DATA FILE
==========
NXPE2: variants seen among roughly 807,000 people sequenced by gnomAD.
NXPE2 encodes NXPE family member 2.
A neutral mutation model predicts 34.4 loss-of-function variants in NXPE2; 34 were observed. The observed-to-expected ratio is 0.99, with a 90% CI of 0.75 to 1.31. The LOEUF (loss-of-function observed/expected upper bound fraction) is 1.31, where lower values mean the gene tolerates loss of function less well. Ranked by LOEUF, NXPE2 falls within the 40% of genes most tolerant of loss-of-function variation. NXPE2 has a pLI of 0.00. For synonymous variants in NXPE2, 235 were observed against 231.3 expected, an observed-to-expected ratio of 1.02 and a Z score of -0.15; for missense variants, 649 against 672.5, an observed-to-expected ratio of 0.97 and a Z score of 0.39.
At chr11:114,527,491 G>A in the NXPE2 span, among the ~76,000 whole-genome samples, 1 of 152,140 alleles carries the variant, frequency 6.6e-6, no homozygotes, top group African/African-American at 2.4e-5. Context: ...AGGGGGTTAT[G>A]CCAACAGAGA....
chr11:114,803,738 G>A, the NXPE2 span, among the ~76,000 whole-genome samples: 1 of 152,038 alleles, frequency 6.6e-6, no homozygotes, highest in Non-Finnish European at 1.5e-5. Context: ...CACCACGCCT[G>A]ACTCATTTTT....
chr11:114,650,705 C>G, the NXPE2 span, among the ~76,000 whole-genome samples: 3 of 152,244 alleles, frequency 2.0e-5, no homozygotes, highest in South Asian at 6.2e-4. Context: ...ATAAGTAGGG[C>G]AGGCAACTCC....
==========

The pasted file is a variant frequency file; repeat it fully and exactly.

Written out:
NXPE2: variants seen among roughly 807,000 people sequenced by gnomAD.
NXPE2 encodes NXPE family member 2.
A neutral mutation model predicts 34.4 loss-of-function variants in NXPE2; 34 were observed. The observed-to-expected ratio is 0.99, with a 90% CI of 0.75 to 1.31. The LOEUF (loss-of-function observed/expected upper bound fraction) is 1.31, where lower values mean the gene tolerates loss of function less well. Ranked by LOEUF, NXPE2 falls within the 40% of genes most tolerant of loss-of-function variation. NXPE2 has a pLI of 0.00. For synonymous variants in NXPE2, 235 were observed against 231.3 expected, an observed-to-expected ratio of 1.02 and a Z score of -0.15; for missense variants, 649 against 672.5, an observed-to-expected ratio of 0.97 and a Z score of 0.39.
At chr11:114,527,491 G>A in the NXPE2 span, among the ~76,000 whole-genome samples, 1 of 152,140 alleles carries the variant, frequency 6.6e-6, no homozygotes, top group African/African-American at 2.4e-5. Context: ...AGGGGGTTAT[G>A]CCAACAGAGA....
chr11:114,803,738 G>A, the NXPE2 span, among the ~76,000 whole-genome samples: 1 of 152,038 alleles, frequency 6.6e-6, no homozygotes, highest in Non-Finnish European at 1.5e-5. Context: ...CACCACGCCT[G>A]ACTCATTTTT....
chr11:114,650,705 C>G, the NXPE2 span, among the ~76,000 whole-genome samples: 3 of 152,244 alleles, frequency 2.0e-5, no homozygotes, highest in South Asian at 6.2e-4. Context: ...ATAAGTAGGG[C>G]AGGCAACTCC....